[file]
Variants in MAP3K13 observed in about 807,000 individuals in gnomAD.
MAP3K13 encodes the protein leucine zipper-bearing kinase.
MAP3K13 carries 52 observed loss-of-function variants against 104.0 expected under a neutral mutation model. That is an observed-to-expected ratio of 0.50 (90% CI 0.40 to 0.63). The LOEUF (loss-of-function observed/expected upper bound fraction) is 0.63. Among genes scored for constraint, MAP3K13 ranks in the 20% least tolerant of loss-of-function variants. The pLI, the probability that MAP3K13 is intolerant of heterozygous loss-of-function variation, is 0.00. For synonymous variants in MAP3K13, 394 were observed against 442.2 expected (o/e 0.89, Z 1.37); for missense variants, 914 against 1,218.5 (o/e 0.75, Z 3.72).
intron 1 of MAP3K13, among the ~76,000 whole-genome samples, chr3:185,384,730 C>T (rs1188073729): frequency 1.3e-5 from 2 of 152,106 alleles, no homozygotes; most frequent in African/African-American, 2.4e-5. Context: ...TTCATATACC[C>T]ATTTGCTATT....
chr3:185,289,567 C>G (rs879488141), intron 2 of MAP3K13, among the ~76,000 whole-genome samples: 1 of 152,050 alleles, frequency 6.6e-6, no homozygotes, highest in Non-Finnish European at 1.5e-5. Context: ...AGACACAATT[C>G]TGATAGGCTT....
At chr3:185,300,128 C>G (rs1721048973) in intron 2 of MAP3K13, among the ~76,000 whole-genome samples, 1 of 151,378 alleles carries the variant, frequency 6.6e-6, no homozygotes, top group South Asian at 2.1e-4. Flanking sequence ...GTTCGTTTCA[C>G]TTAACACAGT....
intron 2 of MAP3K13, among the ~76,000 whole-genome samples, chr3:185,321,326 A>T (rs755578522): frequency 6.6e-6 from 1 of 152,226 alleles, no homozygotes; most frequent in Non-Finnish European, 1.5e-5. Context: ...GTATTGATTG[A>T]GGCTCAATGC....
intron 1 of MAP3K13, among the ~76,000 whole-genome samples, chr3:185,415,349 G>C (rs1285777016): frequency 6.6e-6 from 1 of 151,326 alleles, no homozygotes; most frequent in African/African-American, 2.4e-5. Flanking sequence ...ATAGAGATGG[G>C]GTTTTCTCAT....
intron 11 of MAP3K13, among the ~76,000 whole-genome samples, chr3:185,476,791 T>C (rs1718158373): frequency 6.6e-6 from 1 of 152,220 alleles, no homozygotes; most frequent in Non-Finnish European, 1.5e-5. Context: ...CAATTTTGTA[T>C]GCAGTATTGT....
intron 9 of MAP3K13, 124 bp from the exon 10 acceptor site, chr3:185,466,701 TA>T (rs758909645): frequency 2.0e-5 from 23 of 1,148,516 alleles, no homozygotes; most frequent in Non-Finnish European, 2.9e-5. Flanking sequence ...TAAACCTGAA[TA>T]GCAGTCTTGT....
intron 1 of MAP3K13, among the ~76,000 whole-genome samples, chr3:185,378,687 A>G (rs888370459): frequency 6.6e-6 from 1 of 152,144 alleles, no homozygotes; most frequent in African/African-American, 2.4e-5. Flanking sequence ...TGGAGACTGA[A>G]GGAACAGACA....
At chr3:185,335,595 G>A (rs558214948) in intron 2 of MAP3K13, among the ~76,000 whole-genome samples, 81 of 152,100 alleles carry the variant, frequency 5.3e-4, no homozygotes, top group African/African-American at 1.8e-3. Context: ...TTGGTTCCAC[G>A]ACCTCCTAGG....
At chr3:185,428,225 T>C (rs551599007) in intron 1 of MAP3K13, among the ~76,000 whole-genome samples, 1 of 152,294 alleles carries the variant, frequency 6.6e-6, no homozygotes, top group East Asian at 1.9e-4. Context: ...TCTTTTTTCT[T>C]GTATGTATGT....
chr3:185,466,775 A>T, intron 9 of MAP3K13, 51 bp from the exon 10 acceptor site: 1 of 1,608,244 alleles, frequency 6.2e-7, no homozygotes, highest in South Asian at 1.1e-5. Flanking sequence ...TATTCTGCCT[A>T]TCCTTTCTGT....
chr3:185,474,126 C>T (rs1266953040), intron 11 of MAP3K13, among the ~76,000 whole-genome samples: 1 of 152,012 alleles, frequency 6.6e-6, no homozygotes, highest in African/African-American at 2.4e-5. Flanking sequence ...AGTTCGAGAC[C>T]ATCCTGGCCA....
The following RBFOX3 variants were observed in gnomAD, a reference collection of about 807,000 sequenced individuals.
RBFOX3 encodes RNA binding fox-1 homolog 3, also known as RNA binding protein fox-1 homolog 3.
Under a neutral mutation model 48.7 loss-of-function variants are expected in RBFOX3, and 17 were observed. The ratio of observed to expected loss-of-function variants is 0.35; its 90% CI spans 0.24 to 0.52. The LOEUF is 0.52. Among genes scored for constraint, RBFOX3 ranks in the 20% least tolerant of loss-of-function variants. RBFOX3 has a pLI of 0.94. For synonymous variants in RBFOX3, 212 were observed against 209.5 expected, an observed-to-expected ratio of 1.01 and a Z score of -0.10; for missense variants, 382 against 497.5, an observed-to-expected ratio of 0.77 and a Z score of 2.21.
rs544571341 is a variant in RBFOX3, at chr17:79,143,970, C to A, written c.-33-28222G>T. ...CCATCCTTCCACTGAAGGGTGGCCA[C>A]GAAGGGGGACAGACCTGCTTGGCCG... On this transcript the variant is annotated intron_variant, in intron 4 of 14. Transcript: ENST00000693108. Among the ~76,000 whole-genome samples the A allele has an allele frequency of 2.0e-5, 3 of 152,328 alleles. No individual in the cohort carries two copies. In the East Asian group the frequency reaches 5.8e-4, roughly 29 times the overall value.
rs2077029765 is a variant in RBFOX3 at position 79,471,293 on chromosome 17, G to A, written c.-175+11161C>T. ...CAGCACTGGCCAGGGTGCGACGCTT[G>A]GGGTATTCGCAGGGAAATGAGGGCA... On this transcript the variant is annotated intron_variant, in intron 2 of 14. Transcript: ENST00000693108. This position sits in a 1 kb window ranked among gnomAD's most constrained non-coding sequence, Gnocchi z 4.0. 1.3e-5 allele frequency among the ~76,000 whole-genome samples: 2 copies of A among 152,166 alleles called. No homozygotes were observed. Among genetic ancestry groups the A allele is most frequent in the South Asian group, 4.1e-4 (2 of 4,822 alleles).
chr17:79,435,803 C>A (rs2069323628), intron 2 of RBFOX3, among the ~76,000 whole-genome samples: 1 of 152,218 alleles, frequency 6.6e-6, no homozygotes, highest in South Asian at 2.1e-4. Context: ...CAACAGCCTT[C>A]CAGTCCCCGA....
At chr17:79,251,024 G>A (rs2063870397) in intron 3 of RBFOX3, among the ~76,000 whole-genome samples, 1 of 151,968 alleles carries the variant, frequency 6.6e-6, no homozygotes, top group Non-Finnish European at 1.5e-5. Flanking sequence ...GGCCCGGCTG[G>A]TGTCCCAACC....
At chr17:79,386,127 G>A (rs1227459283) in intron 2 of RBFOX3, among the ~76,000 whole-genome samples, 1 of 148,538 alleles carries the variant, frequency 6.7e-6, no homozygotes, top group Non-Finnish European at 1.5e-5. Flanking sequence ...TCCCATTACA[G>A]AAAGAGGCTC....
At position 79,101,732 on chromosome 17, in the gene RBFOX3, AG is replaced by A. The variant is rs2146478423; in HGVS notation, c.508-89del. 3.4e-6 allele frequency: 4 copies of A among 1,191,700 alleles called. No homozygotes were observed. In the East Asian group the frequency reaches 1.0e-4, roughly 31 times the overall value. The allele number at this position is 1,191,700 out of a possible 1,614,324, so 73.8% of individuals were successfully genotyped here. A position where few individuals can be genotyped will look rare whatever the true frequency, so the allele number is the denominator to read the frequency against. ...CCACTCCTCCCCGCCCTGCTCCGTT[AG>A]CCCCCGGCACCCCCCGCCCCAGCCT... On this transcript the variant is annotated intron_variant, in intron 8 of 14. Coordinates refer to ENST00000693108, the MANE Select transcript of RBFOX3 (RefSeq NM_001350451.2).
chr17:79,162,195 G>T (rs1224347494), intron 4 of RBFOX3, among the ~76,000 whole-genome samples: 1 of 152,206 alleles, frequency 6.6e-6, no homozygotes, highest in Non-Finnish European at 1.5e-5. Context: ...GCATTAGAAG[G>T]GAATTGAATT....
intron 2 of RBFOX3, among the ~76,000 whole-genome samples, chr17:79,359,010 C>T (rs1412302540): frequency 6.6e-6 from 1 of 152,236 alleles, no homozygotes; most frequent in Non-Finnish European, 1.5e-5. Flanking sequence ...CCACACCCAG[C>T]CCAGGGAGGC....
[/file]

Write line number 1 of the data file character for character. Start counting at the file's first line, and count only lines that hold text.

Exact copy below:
Variants in MAP3K13 observed in about 807,000 individuals in gnomAD.